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Wednesday, 17 October, 2001, 10:02 GMT 11:02 UK
Global warming fight 'jeopardised'
Wind generators
Plans for 18 new wind farms were announced in March
The government's plans to fight global warming are being jeopardised by its own new rules on buying and selling electricity, ministers are being warned.

The Energy Minister, Brian Wilson, is to be challenged in the Commons on Wednesday over the new system which, it is claimed, is causing major problems for wind energy and small power stations.

Andrew Robathan
Andrew Robathan: Plans in jeopardy
New rules on the way electricity is traded in the UK were introduced in March and a House of Lords report is expected to say that without changes to the new framework attempts to cut carbon gas emissions wil be stopped in their tracks.

The rules were designed to drive down prices for the consumer, but critics say they have also made it more difficult to make money from the cleanest forms of energy.

Companies generating power from wind complain that they face heavy penalties because they cannot guarantee exactly how much electricity they will produce ahead of time.

And there has also been a collapse in the market for small power plants that use the heat from generators to warm homes and factories.

Crisis fears

Philip Jackson, from Slough Heat and Power, outlined the problems the rules are causing for his company, which operates the kind of combined heat and power plants the government plans to double in number by 2010.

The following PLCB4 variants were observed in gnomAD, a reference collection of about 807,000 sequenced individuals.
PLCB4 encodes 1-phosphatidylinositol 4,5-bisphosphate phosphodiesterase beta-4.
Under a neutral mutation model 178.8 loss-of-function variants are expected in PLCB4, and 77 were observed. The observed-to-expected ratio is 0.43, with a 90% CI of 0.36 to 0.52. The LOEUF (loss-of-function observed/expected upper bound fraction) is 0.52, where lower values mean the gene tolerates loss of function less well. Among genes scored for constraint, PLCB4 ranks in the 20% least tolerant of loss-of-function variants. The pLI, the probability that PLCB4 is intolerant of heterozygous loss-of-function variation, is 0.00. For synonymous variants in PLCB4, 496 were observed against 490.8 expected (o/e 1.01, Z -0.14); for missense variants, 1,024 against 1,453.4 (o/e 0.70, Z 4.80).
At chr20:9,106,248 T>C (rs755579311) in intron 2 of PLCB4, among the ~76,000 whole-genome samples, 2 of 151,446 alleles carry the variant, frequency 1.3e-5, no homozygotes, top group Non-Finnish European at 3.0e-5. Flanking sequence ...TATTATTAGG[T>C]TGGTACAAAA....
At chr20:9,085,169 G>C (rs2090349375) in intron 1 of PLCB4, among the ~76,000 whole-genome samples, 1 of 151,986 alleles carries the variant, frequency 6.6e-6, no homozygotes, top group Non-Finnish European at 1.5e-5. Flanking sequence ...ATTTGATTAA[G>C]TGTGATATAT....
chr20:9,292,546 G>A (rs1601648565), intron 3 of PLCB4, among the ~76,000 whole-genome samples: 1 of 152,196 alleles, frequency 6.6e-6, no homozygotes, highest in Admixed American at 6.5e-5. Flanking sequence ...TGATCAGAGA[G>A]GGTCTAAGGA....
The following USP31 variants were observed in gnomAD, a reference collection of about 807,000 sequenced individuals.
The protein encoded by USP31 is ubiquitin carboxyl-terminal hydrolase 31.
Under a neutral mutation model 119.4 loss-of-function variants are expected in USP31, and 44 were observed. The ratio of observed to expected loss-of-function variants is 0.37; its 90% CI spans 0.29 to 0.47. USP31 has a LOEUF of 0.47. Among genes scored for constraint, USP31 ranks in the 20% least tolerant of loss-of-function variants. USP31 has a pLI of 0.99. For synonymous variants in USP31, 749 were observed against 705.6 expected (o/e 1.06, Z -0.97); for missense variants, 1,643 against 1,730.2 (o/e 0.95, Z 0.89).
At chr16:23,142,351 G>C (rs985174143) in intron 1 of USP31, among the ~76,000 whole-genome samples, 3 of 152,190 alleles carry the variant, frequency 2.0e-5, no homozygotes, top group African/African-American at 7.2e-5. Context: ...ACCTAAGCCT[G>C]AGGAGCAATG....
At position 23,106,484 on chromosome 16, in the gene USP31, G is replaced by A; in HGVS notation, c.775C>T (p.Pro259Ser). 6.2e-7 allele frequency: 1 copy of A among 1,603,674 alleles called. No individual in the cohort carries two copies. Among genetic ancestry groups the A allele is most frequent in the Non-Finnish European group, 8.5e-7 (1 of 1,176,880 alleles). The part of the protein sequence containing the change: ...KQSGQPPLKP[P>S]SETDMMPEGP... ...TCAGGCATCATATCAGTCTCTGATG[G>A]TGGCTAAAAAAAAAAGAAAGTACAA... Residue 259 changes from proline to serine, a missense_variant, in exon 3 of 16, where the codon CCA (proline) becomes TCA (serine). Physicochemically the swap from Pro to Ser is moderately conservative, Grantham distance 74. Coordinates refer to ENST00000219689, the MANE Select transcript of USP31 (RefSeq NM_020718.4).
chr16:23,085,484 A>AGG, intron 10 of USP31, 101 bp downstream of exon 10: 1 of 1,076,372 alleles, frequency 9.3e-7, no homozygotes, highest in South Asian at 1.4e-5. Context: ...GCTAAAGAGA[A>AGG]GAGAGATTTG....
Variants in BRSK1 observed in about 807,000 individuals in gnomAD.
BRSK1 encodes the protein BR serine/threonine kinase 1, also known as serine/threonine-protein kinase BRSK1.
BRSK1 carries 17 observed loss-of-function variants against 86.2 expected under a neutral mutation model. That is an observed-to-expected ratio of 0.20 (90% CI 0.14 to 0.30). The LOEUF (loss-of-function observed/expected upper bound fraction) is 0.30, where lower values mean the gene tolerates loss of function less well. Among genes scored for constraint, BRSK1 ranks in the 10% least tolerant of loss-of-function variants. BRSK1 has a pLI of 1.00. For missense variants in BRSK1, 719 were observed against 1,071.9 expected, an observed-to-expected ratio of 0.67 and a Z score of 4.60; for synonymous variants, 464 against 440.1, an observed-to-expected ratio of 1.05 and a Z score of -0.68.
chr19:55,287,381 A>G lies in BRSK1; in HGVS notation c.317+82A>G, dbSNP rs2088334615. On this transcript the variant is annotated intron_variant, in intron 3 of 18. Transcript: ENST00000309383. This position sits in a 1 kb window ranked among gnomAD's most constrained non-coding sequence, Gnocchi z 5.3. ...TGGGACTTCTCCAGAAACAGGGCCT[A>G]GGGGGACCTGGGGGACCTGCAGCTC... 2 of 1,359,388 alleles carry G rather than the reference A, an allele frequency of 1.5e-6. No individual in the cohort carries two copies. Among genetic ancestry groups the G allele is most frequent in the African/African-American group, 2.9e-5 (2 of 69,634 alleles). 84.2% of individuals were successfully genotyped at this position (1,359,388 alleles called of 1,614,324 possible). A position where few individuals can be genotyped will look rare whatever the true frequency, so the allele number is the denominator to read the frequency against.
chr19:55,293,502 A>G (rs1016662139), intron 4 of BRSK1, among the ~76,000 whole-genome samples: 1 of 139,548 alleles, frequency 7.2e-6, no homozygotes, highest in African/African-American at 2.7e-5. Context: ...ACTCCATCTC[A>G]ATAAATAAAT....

"We have reached the situation where half of my plant is mothballed or shut down," Mr Jackson told BBC Radio 4's Today programme.

Callum McCarthy, chief executive of Ofgem
McCarthy says the rules have cut wholesale prices
"We are not able to use that capacity now to the benefit of the local community."

David Green, from the Combined Heat and Power Association, said several energy schemes were being withdrawn and others having their capacity reduced, meaning carbon dioxide emissions would rise.

"It's getting to a real state of crisis in the industry," he said. "There is a significant meltdown taking place now."

The new rules were composed by industry regulator Ofgem, whose chief executive, Callum McCarthy, said they had cut the wholesale price of electricity.

But he told the Today programme: "There is a problem, particularly about wind power, that it is unreliable and in energy production as in other walks of life people pay less for unreliable production."

Kyoto targets

The government has promised a major expansion of wind and combined heat and power technologies to help cut the greenhouse gases linked to global warming.

It wants to ensure that 10% of the UK's electricity comes from renewable sources by 2010 as part of its obligations under the Kyoto agreement.

But the Tory MP Andrew Robathan will claim in the Commons that the new electricity market is putting these plans in jeopardy.

The debate comes on the day the European Union publishes its proposals for ratifying the Kyoto agreement on dealing with climate change.

See also:

05 Sep 01 | Glasgow 2001
Warming effect on UK wildlife
05 Oct 00 | Conservatives
Tories back renewable energy
06 Mar 01 | UK Politics
Blair pitches for green vote
16 Nov 00 | Scotland
Making waves to generate cash
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